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Every month, in collaboration with the Philadelphia-based podcast Panic Hour, PhillyNORML hosts Smokedown Prohibition, which is an educational rally capped with an act of civil disobedience or the more affectionate and apropos term: “moment of cannabis reflection” at 4:20 p.m.
Held in Philadelphia’s designated free speech zone at 5th and Market, the event is coordinated, peaceful and non-violent. It begins at 3:30 p.m. this Saturday, April 20th, with cannabis-inspired comedy, songs and poetry. Signs made at previous sign-making parties are passed out to the crowd. National and local activists for cannabis reform that have spoken at Smokedown Prohibition have included Ed “NJ Weedman” Forchion, Ken Wolski, R.N., executive director of the Coalition for Medical Marijuana New Jersey (CMMNJ); Kevin Clough, executive director of PhillyNORML, Adam Kokesh of podcast Adam vs. The Man, and Diane Fornbacher, publisher of Ladybud Magazine.
The crowd counts down to 4:20, and a thick haze of marijuana smoke settles across Independence Mall after everyone lights up in reflection and celebration. Joints are encouraged; paraphernalia (especially glass) and marijuana possession are “discouraged”. Afterward, signs are collected and the crowd disperses peacefully and promptly.
The first Smokedown, held on Dec. 14, 2012, was met with heavy police presence. Paddy wagons, police officers and bike cops met the 120 protesters gathered. To date there have been no arrests made despite the heavy police presence.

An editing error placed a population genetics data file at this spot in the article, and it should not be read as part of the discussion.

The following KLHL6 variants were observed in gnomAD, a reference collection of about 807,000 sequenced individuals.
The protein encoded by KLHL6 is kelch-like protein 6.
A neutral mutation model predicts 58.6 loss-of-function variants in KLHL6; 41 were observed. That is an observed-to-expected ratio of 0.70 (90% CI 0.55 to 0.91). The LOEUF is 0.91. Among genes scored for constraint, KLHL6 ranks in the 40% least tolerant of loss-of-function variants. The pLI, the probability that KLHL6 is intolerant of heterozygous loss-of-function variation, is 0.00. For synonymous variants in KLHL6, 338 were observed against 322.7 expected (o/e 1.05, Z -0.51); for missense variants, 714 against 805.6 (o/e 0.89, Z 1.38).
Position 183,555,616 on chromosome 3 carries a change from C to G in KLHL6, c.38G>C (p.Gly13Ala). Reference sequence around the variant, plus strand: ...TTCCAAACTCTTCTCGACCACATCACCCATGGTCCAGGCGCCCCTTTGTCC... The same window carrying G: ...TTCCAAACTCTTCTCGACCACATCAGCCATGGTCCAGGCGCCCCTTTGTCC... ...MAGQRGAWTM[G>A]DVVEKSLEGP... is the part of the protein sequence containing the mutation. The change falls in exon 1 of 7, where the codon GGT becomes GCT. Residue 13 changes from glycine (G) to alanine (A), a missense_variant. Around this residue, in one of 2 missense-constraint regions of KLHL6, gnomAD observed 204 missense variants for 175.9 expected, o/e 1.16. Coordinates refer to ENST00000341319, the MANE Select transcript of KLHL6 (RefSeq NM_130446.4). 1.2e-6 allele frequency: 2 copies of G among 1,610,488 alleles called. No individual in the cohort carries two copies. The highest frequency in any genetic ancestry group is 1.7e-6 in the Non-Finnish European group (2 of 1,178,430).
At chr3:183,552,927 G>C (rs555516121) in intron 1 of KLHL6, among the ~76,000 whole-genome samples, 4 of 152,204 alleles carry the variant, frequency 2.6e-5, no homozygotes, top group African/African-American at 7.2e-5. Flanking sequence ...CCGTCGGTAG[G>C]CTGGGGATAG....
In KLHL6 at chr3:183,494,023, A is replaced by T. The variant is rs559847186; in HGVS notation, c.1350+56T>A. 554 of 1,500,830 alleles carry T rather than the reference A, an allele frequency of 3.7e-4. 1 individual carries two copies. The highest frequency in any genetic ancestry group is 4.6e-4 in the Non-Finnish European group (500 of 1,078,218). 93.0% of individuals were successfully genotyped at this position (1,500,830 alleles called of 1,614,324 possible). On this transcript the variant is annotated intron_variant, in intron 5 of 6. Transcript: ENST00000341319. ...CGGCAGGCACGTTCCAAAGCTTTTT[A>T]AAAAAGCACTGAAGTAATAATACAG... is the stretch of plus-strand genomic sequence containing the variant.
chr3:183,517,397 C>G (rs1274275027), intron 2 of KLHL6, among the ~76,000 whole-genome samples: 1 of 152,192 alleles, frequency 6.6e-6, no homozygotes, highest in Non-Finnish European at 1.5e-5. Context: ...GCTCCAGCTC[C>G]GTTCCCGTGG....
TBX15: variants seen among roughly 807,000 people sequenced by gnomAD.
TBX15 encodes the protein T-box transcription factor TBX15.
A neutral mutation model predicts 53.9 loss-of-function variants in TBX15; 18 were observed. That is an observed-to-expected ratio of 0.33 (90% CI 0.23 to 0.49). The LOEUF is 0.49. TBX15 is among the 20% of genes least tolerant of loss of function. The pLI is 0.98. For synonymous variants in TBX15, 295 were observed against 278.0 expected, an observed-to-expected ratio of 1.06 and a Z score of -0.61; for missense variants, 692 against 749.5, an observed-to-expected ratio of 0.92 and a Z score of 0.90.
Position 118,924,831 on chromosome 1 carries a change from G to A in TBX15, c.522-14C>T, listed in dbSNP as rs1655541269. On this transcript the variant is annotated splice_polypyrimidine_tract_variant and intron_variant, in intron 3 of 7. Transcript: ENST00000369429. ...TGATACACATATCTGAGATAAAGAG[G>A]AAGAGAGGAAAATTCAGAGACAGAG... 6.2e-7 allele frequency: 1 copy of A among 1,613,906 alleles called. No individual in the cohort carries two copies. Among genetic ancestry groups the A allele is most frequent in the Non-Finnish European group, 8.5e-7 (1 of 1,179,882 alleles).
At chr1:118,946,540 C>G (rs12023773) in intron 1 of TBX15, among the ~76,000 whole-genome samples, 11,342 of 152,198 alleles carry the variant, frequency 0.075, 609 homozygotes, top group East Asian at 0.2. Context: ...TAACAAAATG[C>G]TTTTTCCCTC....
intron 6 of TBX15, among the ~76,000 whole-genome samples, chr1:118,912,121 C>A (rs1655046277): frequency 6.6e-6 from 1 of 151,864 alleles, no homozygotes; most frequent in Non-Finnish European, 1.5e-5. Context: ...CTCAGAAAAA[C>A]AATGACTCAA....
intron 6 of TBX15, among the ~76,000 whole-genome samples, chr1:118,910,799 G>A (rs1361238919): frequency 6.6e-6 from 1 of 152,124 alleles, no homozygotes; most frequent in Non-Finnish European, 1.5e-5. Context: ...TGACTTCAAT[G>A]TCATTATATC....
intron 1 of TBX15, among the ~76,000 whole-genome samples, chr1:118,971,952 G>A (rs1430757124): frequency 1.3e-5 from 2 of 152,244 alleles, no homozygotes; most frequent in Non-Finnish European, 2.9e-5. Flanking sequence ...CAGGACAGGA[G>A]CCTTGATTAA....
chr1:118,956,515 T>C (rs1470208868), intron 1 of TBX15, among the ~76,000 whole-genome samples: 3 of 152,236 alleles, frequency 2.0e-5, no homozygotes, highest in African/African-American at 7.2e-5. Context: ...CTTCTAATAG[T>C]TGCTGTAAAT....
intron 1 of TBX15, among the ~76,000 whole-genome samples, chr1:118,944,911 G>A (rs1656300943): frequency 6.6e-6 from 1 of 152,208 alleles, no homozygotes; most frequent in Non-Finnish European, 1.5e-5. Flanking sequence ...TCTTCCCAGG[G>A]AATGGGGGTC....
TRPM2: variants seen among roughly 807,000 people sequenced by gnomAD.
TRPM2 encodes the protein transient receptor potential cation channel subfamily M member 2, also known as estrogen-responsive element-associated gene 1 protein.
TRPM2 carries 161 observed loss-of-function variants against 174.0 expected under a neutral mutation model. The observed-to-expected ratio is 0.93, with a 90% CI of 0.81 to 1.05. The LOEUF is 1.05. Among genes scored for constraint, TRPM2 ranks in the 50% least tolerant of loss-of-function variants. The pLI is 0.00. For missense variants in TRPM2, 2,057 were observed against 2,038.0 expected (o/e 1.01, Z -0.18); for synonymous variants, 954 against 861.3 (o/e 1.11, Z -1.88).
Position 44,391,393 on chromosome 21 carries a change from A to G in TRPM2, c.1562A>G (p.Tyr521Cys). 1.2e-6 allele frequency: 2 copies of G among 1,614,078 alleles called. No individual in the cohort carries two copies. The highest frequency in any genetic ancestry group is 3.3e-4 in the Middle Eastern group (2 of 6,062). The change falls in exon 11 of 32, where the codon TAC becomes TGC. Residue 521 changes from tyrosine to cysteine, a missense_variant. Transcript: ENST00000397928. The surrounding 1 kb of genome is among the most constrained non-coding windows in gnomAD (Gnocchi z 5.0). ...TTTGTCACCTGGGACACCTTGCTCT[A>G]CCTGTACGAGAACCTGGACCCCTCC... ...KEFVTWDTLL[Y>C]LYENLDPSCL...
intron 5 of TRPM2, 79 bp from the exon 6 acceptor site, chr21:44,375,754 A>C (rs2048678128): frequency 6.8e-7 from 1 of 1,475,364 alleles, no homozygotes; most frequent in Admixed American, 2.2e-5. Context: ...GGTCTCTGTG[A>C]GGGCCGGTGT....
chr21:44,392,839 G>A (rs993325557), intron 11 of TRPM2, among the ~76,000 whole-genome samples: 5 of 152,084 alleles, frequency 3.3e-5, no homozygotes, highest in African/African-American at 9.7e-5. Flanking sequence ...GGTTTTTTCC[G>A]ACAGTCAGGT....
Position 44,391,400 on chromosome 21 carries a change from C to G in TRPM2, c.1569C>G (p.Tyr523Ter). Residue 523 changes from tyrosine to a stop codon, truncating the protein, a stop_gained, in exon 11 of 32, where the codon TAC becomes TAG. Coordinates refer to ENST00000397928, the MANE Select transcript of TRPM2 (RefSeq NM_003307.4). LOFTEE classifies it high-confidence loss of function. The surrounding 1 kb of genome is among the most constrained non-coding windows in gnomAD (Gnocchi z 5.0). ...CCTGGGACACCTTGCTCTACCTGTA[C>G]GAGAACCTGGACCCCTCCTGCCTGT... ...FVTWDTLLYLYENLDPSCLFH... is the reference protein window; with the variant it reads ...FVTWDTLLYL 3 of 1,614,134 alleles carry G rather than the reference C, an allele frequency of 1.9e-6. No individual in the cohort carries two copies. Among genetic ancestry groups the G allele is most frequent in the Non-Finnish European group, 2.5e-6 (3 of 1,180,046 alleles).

Brief primer on civil disobedience:
Motivated by his disdain for slavery and the Mexican American war, Henry David Thoreau penned Resistance to Civil Government, aka Civil Disobedience, in 1849. The Encyclopedia Britannica defines civil disobedience, also called passive resistance, as a “refusal to obey the demands or commands of a government or occupying power, without resorting to violence or active measures of opposition; its usual purpose is to force concessions from the government or occupying power.”
Civil disobedience is a tactic utilized by different political parties and movements throughout history. Often nonviolent resistance is associated with Gandhi and India’s struggle to combat British Imperialism or the United States Civil Rights movement in the 1960s. Gandhi translated a synopsis of Thoreau’s essay for Indian Opinion during his Satyagraha campaign. He was heavily influenced by Thoreau’s book, though he preferred the term “civil resistance.” These same tactics were also utilized by the Civil Rights movement, such as sit-ins at lunch counters, freedom rides and bus boycotts to protest segregation. Like Ghandi, Martin Luther King, Jr. was also motivated by Thoreau’s Civil Disobedience.
“Civil disobedience, also called passive resistance, is a ‘refusal to obey the demands or commands of a government or occupying power, without resorting to violence or active measures of opposition; its usual purpose is to force concessions from the government or occupying power.”